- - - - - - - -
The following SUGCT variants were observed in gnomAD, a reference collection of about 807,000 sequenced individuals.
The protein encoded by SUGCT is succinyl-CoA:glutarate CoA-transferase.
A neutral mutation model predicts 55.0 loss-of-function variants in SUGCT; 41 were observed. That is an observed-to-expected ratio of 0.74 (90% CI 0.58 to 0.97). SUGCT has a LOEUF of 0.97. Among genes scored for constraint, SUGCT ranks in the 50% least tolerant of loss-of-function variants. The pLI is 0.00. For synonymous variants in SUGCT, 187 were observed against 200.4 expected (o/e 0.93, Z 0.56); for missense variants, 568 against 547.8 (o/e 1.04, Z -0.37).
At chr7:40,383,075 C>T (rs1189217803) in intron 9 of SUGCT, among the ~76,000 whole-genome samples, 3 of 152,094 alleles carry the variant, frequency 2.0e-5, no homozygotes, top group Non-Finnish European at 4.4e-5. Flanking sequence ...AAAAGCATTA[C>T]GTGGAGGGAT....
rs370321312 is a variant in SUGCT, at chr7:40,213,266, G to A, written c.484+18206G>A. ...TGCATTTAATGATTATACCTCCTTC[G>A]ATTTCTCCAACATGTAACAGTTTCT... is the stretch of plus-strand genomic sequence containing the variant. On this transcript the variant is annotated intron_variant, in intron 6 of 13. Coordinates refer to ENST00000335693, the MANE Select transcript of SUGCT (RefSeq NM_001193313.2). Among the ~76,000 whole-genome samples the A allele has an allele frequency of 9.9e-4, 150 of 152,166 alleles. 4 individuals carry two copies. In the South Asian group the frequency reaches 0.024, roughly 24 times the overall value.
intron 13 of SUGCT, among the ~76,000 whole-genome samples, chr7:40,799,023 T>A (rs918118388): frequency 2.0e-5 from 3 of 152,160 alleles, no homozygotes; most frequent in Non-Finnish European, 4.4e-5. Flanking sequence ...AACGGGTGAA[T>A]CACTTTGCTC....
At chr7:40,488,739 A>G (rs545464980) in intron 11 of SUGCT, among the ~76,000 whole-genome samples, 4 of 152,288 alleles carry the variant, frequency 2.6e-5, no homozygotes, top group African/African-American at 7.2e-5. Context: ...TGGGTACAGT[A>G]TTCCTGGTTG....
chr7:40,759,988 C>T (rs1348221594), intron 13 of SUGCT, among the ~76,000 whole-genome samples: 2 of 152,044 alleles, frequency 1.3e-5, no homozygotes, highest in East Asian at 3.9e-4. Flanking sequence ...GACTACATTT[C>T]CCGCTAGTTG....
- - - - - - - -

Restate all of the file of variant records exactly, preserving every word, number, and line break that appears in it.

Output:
The following SUGCT variants were observed in gnomAD, a reference collection of about 807,000 sequenced individuals.
The protein encoded by SUGCT is succinyl-CoA:glutarate CoA-transferase.
A neutral mutation model predicts 55.0 loss-of-function variants in SUGCT; 41 were observed. That is an observed-to-expected ratio of 0.74 (90% CI 0.58 to 0.97). SUGCT has a LOEUF of 0.97. Among genes scored for constraint, SUGCT ranks in the 50% least tolerant of loss-of-function variants. The pLI is 0.00. For synonymous variants in SUGCT, 187 were observed against 200.4 expected (o/e 0.93, Z 0.56); for missense variants, 568 against 547.8 (o/e 1.04, Z -0.37).
At chr7:40,383,075 C>T (rs1189217803) in intron 9 of SUGCT, among the ~76,000 whole-genome samples, 3 of 152,094 alleles carry the variant, frequency 2.0e-5, no homozygotes, top group Non-Finnish European at 4.4e-5. Flanking sequence ...AAAAGCATTA[C>T]GTGGAGGGAT....
rs370321312 is a variant in SUGCT, at chr7:40,213,266, G to A, written c.484+18206G>A. ...TGCATTTAATGATTATACCTCCTTC[G>A]ATTTCTCCAACATGTAACAGTTTCT... is the stretch of plus-strand genomic sequence containing the variant. On this transcript the variant is annotated intron_variant, in intron 6 of 13. Coordinates refer to ENST00000335693, the MANE Select transcript of SUGCT (RefSeq NM_001193313.2). Among the ~76,000 whole-genome samples the A allele has an allele frequency of 9.9e-4, 150 of 152,166 alleles. 4 individuals carry two copies. In the South Asian group the frequency reaches 0.024, roughly 24 times the overall value.
intron 13 of SUGCT, among the ~76,000 whole-genome samples, chr7:40,799,023 T>A (rs918118388): frequency 2.0e-5 from 3 of 152,160 alleles, no homozygotes; most frequent in Non-Finnish European, 4.4e-5. Flanking sequence ...AACGGGTGAA[T>A]CACTTTGCTC....
At chr7:40,488,739 A>G (rs545464980) in intron 11 of SUGCT, among the ~76,000 whole-genome samples, 4 of 152,288 alleles carry the variant, frequency 2.6e-5, no homozygotes, top group African/African-American at 7.2e-5. Context: ...TGGGTACAGT[A>G]TTCCTGGTTG....
chr7:40,759,988 C>T (rs1348221594), intron 13 of SUGCT, among the ~76,000 whole-genome samples: 2 of 152,044 alleles, frequency 1.3e-5, no homozygotes, highest in East Asian at 3.9e-4. Flanking sequence ...GACTACATTT[C>T]CCGCTAGTTG....